J.A. Bolton Contributing columnist
January 28, 2014
One of my wife’s granddaddies, “Pap,” as his children used to call him, was raised atop the Great Smokey Mountains in Avery County. Pap came up the hard way, as did most of the mountain people of his time. Ol’ Pap had come from good stock as his father lived up to be 103 and had walked to town and back the day he died.
As with most mountain people, Pap got married young and set right in to raising a family. While the young’uns were still young, he took ‘em all up to the falls of Elk River and pushed them in. Said didn’t none of them drown least wise they all showed back up at the supper table.
Well times got hard in the 1930s all over the country, especially in the mountains. There weren’t no paying jobs to be had. Pap had always worked around sawmills and farmed but there wasn’t no money to be had in either job. So Pap had done what a lot of mountain people did and that was making moonshine. He did this to feed and clothe his family. The revenuers were always sneaking around but Ol’ Pap hid his still under the house, stacked wood around it and ran the smoke out his chimney. The revenuers came up one day when Pap wasn’t at home and told his youngest daughter they would give her a stick of candy if she’d tell them where Pap’s still was. Why, she wouldn’t open her mouth, ‘cause she knew Pap would tan her if she told.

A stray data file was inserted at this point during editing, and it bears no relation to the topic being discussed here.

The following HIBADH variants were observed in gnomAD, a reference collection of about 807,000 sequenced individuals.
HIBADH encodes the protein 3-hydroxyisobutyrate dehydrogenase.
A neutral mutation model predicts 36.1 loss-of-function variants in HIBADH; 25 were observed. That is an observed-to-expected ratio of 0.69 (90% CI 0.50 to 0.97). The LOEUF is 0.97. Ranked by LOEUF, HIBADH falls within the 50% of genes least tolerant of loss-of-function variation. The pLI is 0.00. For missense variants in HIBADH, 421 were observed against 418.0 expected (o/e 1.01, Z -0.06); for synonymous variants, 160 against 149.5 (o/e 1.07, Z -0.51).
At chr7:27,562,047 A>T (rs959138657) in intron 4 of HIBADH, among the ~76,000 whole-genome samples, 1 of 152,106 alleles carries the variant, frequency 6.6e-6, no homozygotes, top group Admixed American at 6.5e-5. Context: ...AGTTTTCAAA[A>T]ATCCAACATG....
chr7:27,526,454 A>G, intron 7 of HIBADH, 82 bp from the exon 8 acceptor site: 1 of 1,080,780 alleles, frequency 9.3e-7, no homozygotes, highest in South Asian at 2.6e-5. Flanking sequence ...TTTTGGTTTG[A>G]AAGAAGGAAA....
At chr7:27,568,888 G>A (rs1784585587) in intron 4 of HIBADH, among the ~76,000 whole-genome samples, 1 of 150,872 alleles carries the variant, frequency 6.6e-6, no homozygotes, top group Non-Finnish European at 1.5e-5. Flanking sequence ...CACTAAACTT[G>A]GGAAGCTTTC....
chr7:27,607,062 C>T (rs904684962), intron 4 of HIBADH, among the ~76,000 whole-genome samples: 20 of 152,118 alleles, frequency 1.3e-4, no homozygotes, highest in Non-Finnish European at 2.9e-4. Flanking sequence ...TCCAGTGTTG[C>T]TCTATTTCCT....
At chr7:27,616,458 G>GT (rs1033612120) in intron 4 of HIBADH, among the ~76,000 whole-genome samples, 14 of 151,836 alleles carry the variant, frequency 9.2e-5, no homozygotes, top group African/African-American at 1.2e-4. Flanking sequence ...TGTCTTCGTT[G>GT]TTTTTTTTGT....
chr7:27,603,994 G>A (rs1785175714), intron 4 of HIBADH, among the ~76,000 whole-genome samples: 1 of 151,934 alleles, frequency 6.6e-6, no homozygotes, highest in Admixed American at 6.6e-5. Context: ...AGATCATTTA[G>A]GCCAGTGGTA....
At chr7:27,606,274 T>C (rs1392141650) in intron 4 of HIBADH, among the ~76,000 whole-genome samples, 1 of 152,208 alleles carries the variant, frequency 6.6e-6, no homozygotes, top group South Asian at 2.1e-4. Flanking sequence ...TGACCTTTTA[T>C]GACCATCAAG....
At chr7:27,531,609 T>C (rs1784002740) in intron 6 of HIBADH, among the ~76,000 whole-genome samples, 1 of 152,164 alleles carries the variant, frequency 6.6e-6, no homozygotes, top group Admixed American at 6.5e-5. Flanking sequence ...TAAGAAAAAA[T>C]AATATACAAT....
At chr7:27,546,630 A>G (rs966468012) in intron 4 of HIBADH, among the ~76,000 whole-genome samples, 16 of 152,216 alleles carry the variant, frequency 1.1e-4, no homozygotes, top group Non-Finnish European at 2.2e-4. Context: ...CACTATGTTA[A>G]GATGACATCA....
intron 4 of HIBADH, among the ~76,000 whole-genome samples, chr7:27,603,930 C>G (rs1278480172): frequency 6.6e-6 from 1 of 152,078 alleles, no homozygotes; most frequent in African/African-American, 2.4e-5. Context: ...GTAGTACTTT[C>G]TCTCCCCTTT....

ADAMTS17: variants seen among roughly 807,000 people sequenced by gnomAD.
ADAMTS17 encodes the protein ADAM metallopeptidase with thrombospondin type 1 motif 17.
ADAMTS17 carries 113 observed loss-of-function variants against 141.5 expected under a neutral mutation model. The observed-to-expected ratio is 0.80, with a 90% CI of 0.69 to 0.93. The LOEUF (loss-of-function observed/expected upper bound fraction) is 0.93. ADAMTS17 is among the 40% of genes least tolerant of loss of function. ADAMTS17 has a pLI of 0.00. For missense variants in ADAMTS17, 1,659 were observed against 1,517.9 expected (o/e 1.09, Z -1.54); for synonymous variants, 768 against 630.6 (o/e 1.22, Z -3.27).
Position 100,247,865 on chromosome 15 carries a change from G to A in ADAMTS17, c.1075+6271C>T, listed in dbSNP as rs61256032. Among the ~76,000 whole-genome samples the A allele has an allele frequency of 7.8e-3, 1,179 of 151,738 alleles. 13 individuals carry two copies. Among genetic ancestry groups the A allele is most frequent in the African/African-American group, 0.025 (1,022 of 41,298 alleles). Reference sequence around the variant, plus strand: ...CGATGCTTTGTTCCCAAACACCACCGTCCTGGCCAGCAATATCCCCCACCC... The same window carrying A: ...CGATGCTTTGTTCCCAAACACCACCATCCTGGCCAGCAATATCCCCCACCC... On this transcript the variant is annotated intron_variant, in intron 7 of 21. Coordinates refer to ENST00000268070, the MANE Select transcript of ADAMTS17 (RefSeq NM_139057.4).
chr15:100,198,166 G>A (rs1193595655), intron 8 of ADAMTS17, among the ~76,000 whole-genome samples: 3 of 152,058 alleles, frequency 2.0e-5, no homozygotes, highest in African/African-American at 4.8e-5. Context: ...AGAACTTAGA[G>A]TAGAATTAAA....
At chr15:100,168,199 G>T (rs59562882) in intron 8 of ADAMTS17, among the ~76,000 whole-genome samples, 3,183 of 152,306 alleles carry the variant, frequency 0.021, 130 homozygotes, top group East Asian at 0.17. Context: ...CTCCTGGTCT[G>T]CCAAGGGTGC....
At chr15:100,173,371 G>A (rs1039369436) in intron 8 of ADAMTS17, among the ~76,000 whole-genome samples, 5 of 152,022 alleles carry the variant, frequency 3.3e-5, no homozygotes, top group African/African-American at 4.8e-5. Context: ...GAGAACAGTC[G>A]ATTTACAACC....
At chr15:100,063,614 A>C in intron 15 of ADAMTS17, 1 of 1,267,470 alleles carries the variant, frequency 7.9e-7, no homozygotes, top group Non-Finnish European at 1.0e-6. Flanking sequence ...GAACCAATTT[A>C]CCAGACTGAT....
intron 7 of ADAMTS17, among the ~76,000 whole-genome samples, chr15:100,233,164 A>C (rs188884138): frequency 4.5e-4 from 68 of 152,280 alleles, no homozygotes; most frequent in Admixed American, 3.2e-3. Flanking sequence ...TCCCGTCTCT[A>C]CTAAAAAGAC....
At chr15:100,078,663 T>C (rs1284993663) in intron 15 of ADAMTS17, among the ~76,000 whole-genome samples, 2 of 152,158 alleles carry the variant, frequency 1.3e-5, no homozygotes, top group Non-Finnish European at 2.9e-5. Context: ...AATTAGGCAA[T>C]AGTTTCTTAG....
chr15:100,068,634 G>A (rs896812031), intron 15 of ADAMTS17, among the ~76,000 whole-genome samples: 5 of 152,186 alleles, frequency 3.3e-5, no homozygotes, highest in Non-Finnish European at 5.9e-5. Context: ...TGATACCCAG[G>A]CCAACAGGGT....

Pap stayed in the moonshine business for awhile, but figured he was gonna get caught. He found out he could get a job in West Virginia working in the coal mines so he made his way up north without his family. He got himself a job learning how to set off dynamite way down in them mines.
Things went good for awhile, but one day Pap got caught in an explosion. Timbers fell all around him but Pap got lucky. It didn’t kill him but one of the timbers crushed his arm. The doctors wanted to take it off because the bone was crushed but Pap would have none of that. Told them to take out the bone but leave his arm alone. They told him he would never have any use of his bad arm but Ol’ Pap proved them wrong. Why he could wrap that bad arm around you and you couldn’t get loose. Somehow he’d get 50 pounds of flour on one shoulder and 50 pounds of sugar on the other and carry them up the mountain to his home.
Yep, Ol’ Pap sure did come from good stock.